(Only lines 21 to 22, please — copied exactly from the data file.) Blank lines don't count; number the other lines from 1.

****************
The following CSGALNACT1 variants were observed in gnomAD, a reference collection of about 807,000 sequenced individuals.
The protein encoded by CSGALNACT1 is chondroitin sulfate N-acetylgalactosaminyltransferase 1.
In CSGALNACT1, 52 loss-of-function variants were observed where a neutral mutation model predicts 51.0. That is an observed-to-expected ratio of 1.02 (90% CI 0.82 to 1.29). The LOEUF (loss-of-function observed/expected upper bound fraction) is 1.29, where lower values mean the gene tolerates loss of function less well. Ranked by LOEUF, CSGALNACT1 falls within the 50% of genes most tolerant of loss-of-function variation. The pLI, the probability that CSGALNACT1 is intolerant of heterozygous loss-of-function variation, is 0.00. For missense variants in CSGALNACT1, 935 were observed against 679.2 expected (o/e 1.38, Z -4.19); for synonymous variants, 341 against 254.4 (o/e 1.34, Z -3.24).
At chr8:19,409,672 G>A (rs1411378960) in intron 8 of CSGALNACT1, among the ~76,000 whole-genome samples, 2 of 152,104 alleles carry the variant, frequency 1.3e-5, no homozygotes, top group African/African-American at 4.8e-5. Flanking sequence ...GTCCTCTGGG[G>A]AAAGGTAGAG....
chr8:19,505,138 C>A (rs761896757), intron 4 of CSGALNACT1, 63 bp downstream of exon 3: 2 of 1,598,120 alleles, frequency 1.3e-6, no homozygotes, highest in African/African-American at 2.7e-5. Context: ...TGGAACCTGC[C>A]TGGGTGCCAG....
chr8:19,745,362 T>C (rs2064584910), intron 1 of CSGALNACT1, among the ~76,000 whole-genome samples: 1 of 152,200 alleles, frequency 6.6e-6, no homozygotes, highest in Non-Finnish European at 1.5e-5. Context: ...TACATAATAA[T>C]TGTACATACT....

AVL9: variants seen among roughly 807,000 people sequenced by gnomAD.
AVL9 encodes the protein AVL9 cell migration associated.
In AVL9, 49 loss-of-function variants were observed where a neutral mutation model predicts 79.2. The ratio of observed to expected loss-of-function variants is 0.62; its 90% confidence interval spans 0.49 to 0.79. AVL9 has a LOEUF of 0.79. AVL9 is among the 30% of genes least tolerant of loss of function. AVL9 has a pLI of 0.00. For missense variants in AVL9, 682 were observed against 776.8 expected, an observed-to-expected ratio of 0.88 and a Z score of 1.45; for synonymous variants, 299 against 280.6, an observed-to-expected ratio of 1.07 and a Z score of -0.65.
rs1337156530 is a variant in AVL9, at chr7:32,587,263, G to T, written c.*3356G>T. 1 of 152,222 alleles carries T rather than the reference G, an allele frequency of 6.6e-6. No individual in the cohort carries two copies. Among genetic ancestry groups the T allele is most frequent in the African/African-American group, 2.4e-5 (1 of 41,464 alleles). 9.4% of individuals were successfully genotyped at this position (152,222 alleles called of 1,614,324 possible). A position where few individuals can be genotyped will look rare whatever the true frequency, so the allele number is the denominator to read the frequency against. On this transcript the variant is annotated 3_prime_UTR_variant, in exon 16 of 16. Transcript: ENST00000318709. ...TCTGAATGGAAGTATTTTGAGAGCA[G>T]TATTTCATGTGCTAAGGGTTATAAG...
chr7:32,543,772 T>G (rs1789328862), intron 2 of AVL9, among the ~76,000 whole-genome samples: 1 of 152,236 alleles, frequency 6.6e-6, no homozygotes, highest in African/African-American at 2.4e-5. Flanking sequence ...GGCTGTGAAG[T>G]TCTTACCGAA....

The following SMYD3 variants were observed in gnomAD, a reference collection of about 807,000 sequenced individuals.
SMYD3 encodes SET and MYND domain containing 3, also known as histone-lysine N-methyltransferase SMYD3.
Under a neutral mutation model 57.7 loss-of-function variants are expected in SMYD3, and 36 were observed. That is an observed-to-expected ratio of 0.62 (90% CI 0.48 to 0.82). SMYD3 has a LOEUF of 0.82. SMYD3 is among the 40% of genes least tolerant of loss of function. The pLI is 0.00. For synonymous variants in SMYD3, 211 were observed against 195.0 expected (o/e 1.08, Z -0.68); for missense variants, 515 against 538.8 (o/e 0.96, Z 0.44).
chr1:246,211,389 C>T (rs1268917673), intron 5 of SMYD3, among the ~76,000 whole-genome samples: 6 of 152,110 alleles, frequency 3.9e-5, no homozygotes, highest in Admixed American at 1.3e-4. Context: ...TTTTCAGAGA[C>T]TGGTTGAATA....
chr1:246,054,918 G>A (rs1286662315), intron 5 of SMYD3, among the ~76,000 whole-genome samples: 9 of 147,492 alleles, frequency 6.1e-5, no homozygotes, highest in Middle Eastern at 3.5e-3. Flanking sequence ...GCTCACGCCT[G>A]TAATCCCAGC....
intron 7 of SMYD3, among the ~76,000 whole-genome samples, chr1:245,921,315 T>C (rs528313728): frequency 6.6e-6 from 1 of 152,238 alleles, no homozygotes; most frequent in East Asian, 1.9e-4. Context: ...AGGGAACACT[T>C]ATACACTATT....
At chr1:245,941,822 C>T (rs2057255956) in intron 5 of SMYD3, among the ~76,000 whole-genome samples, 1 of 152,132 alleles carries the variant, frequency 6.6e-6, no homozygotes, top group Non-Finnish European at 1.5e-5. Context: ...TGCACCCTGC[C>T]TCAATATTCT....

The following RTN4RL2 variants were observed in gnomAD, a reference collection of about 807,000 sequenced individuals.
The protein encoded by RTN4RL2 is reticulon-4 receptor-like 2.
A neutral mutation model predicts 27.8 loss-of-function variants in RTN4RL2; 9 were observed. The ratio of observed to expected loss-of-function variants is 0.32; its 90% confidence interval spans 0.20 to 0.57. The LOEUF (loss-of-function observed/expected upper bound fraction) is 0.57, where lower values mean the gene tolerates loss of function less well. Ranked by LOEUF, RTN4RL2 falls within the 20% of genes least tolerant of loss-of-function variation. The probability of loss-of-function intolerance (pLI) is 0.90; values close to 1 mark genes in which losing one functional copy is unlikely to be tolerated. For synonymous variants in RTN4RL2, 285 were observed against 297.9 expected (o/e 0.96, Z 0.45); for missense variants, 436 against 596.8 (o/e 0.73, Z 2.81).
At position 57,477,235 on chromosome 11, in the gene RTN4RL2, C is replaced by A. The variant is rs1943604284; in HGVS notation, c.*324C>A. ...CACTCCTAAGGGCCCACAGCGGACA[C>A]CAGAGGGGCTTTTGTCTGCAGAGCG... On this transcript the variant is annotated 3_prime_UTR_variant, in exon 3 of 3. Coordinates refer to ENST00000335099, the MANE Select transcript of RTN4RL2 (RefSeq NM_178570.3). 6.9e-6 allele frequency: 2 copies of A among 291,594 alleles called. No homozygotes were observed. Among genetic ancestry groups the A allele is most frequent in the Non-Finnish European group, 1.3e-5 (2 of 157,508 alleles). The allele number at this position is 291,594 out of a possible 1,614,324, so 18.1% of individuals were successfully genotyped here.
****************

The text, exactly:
A neutral mutation model predicts 27.8 loss-of-function variants in RTN4RL2; 9 were observed. The ratio of observed to expected loss-of-function variants is 0.32; its 90% confidence interval spans 0.20 to 0.57. The LOEUF (loss-of-function observed/expected upper bound fraction) is 0.57, where lower values mean the gene tolerates loss of function less well. Ranked by LOEUF, RTN4RL2 falls within the 20% of genes least tolerant of loss-of-function variation. The probability of loss-of-function intolerance (pLI) is 0.90; values close to 1 mark genes in which losing one functional copy is unlikely to be tolerated. For synonymous variants in RTN4RL2, 285 were observed against 297.9 expected (o/e 0.96, Z 0.45); for missense variants, 436 against 596.8 (o/e 0.73, Z 2.81).
At position 57,477,235 on chromosome 11, in the gene RTN4RL2, C is replaced by A. The variant is rs1943604284; in HGVS notation, c.*324C>A. ...CACTCCTAAGGGCCCACAGCGGACA[C>A]CAGAGGGGCTTTTGTCTGCAGAGCG... On this transcript the variant is annotated 3_prime_UTR_variant, in exon 3 of 3. Coordinates refer to ENST00000335099, the MANE Select transcript of RTN4RL2 (RefSeq NM_178570.3). 6.9e-6 allele frequency: 2 copies of A among 291,594 alleles called. No homozygotes were observed. Among genetic ancestry groups the A allele is most frequent in the Non-Finnish European group, 1.3e-5 (2 of 157,508 alleles). The allele number at this position is 291,594 out of a possible 1,614,324, so 18.1% of individuals were successfully genotyped here.